DP11036 The Micro Origins of International Business Cycle Comovement
|Author(s):||Julian di Giovanni, Andrei A. Levchenko, Isabelle Mejean|
|Publication Date:||January 2016|
|Keyword(s):||comovement, firm-level shocks, international trade, large firms|
|JEL(s):||F44, F61, F62|
|Programme Areas:||International Trade and Regional Economics, International Macroeconomics and Finance|
|Link to this Page:||www.cepr.org/active/publications/discussion_papers/dp.php?dpno=11036|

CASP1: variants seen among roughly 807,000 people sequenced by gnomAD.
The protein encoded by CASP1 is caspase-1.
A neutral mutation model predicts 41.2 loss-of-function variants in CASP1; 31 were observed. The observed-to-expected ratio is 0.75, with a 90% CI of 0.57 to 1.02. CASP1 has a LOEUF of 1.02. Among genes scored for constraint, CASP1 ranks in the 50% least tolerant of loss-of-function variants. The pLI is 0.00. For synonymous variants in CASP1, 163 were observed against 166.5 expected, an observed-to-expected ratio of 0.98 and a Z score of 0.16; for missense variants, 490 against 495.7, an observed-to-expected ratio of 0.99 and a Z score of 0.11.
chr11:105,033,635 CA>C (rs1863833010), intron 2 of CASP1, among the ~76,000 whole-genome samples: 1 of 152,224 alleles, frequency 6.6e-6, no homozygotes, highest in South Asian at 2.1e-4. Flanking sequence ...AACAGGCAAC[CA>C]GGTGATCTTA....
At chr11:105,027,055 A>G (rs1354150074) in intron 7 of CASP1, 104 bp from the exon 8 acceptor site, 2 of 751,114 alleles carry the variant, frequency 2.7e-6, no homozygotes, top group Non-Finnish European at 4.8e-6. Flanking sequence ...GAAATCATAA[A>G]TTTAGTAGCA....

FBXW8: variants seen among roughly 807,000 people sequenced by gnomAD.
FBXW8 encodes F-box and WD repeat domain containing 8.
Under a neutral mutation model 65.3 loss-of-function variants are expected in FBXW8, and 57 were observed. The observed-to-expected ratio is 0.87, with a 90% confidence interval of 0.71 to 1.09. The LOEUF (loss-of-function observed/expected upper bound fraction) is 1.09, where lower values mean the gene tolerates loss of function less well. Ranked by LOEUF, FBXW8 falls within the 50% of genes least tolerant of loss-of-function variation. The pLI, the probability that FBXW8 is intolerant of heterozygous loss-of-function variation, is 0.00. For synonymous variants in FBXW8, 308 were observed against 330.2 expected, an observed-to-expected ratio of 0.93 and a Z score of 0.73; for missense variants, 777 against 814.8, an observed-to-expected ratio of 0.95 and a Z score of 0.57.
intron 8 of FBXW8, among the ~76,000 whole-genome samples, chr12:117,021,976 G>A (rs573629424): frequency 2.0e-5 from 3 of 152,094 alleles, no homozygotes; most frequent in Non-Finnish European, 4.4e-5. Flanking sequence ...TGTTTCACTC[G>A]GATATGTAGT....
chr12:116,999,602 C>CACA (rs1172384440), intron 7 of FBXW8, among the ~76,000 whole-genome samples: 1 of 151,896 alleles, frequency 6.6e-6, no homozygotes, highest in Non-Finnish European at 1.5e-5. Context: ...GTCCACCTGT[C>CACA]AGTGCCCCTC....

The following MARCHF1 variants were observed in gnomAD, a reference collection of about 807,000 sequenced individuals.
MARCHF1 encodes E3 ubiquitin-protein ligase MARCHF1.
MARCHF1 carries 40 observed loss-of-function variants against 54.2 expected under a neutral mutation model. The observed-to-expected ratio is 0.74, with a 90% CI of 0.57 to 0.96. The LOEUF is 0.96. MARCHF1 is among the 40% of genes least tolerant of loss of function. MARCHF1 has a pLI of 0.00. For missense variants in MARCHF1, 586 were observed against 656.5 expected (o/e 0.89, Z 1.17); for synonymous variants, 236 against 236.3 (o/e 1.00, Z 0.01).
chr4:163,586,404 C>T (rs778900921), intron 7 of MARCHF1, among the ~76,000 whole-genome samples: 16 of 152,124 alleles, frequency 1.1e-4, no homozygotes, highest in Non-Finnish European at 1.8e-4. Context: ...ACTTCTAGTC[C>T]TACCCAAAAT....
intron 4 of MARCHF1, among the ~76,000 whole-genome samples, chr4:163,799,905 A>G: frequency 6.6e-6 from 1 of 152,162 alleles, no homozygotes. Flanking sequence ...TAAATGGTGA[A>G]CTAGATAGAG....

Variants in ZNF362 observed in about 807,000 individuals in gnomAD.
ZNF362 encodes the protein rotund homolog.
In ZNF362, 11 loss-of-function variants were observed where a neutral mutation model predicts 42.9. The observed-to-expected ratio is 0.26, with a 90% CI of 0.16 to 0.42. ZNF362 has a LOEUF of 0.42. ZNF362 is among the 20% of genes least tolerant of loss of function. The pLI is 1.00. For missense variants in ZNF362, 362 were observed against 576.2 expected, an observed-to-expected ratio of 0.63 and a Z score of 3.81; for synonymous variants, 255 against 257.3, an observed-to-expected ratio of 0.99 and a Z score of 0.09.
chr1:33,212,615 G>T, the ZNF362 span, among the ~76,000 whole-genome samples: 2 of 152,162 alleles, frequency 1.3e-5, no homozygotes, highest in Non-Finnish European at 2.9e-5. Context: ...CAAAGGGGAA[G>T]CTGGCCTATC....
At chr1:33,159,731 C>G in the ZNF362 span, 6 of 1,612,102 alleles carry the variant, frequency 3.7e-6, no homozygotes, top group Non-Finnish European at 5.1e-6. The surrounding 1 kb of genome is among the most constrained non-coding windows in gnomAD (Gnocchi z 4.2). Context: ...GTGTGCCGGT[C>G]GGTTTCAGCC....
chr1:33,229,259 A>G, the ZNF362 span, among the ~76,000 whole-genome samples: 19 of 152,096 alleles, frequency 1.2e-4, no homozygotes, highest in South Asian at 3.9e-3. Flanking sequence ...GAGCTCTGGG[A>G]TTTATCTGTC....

This paper investigates the role of individual firms in international business cycle comovement using data covering the universe of French firm-level value added, bilateral imports and exports, and cross-border ownership over the period 1993-2007. At the micro level, controlling for firm and country effects, trade in goods with a particular foreign country is associated with a significantly higher correlation between a firm and that foreign country. In addition, foreign multinational affiliates operating in France are significantly more correlated with the source economy. The impact of direct trade and multinational linkages on comovement at the micro level has significant macro implications. Because internationally connected firms are systematically larger than non-internationally connected firms, the firms directly linked to foreign countries represent only 8% of all firms, but 56% of all value added, and account for 75% of the observed aggregate comovement. Without those linkages the correlation between France and foreign countries would fall by about 0.091, or one-third of the observed average business cycle correlation of 0.29 in our sample of partner countries. These results are evidence of transmission of business cycle shocks through direct trade and multinational ownership linkages at the firm level.